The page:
Traditional slavery in the Sahel
The Sahel Blog has a post up about slavery in Mauritania, a major but neglected human rights issue in the West Africa and Sahel region, where millions of people are still subject to various forms of hereditary social discrimination, ranging from outsider status to outright slavery. While there is a black/white element to it in some areas, one shouldn’t confuse this with US traditions of skin-color based labor slavery among captured peoples. It’s more an outgrowth of traditional tribal culture, local adaptions of ancient Islamic rulings on slavery, and hereditary social stratification in nomad communities, and it has existed in various forms as a fact of life for hundreds of years. It’s quite repugnant nonetheless, of course, but understanding the context is important to realizing how deeply-rooted and hard to destroy these notions are.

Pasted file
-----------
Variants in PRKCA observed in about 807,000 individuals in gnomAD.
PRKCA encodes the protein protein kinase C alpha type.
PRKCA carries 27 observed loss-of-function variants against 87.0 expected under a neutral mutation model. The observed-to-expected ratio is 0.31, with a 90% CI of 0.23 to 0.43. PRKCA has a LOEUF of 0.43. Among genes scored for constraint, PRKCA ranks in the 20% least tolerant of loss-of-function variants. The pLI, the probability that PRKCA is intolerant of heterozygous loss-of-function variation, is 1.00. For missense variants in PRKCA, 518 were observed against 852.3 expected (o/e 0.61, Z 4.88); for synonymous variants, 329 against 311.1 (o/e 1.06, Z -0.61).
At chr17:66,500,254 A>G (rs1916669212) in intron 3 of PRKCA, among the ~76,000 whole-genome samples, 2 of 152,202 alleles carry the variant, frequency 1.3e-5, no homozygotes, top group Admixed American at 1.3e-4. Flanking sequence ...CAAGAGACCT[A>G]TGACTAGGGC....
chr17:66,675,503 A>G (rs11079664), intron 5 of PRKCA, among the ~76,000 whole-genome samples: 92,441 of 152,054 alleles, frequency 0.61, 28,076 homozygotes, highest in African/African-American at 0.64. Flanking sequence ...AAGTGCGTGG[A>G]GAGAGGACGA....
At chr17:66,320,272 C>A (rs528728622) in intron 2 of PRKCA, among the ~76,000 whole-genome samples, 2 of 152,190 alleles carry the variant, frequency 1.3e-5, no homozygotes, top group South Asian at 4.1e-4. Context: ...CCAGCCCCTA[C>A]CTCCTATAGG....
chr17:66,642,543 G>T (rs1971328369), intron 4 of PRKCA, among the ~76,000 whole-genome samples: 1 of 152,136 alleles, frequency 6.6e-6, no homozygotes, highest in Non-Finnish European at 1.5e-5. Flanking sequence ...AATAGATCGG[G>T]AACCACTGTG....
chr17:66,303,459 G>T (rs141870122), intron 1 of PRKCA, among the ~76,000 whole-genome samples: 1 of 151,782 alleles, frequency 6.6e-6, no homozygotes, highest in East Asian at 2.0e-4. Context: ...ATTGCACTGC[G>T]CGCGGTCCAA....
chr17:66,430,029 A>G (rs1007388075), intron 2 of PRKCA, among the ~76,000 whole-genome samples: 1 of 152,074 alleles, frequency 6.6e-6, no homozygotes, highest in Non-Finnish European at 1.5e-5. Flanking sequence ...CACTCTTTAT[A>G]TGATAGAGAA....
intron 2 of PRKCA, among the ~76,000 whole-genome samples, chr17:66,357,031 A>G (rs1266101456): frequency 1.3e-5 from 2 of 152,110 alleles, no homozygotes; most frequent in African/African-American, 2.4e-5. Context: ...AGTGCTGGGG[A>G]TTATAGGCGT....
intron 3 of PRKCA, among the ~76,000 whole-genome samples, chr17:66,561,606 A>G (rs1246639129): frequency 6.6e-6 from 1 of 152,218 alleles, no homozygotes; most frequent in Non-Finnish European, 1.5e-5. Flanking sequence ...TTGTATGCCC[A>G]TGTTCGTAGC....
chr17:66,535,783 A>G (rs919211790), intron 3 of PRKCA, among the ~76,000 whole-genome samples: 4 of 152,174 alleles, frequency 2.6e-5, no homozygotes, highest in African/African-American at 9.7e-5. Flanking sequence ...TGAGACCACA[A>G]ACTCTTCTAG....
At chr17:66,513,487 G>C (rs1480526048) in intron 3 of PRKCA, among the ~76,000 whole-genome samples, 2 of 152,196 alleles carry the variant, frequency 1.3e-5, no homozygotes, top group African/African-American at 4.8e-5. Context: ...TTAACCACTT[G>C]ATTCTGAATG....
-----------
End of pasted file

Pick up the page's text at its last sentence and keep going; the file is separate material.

Also, it’s not only among the Moors of Mauritania. The caste-like traditions that underpin these practices also apply to varying degrees to the closely related Sahrawi and other communities in Western Sahara, Morocco and Algeria (including among the Tindouf refugees, as this report from Human Rights Watch makes clear) as well as among non-Moorish, non-Arab Touareg communities in the wider Sahara, and also among several African peoples in Senegal, Burkina Faso, Mali, Niger, etc. This is not to mention how traditional practices sometimes mix with modern slavery practices, tied to labor exploitation, warlordism, and such phenomena.